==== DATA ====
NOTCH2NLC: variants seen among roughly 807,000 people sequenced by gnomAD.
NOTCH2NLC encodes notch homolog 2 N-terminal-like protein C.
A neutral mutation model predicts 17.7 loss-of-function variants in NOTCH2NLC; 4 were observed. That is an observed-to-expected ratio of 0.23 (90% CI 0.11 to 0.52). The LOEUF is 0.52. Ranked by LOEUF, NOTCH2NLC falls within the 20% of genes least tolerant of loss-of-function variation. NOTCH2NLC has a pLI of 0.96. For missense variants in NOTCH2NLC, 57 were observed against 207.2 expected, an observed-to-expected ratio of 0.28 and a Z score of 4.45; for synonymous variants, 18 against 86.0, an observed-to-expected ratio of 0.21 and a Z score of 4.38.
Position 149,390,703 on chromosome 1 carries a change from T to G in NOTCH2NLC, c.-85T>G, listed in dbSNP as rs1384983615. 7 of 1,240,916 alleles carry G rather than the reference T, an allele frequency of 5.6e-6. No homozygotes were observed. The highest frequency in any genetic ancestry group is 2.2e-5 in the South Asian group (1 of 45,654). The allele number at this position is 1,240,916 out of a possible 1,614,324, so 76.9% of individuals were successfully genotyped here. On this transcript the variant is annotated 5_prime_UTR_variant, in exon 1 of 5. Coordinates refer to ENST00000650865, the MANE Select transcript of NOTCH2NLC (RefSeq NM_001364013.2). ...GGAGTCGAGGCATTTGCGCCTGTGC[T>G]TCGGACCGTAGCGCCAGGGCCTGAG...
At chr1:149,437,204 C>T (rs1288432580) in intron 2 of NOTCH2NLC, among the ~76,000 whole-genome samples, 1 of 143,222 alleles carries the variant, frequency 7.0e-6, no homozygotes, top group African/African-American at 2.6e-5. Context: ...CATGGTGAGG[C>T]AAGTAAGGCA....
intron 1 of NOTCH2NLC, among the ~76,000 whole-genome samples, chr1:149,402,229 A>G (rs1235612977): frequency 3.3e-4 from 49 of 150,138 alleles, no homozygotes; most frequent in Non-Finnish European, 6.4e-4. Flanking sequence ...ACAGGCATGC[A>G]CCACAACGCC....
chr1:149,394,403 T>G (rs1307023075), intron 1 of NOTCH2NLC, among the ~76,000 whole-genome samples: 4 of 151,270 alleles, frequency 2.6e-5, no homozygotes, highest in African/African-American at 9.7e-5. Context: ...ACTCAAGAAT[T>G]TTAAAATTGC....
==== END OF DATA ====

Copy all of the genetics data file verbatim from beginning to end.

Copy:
NOTCH2NLC: variants seen among roughly 807,000 people sequenced by gnomAD.
NOTCH2NLC encodes notch homolog 2 N-terminal-like protein C.
A neutral mutation model predicts 17.7 loss-of-function variants in NOTCH2NLC; 4 were observed. That is an observed-to-expected ratio of 0.23 (90% CI 0.11 to 0.52). The LOEUF is 0.52. Ranked by LOEUF, NOTCH2NLC falls within the 20% of genes least tolerant of loss-of-function variation. NOTCH2NLC has a pLI of 0.96. For missense variants in NOTCH2NLC, 57 were observed against 207.2 expected, an observed-to-expected ratio of 0.28 and a Z score of 4.45; for synonymous variants, 18 against 86.0, an observed-to-expected ratio of 0.21 and a Z score of 4.38.
Position 149,390,703 on chromosome 1 carries a change from T to G in NOTCH2NLC, c.-85T>G, listed in dbSNP as rs1384983615. 7 of 1,240,916 alleles carry G rather than the reference T, an allele frequency of 5.6e-6. No homozygotes were observed. The highest frequency in any genetic ancestry group is 2.2e-5 in the South Asian group (1 of 45,654). The allele number at this position is 1,240,916 out of a possible 1,614,324, so 76.9% of individuals were successfully genotyped here. On this transcript the variant is annotated 5_prime_UTR_variant, in exon 1 of 5. Coordinates refer to ENST00000650865, the MANE Select transcript of NOTCH2NLC (RefSeq NM_001364013.2). ...GGAGTCGAGGCATTTGCGCCTGTGC[T>G]TCGGACCGTAGCGCCAGGGCCTGAG...
At chr1:149,437,204 C>T (rs1288432580) in intron 2 of NOTCH2NLC, among the ~76,000 whole-genome samples, 1 of 143,222 alleles carries the variant, frequency 7.0e-6, no homozygotes, top group African/African-American at 2.6e-5. Context: ...CATGGTGAGG[C>T]AAGTAAGGCA....
intron 1 of NOTCH2NLC, among the ~76,000 whole-genome samples, chr1:149,402,229 A>G (rs1235612977): frequency 3.3e-4 from 49 of 150,138 alleles, no homozygotes; most frequent in Non-Finnish European, 6.4e-4. Flanking sequence ...ACAGGCATGC[A>G]CCACAACGCC....
chr1:149,394,403 T>G (rs1307023075), intron 1 of NOTCH2NLC, among the ~76,000 whole-genome samples: 4 of 151,270 alleles, frequency 2.6e-5, no homozygotes, highest in African/African-American at 9.7e-5. Context: ...ACTCAAGAAT[T>G]TTAAAATTGC....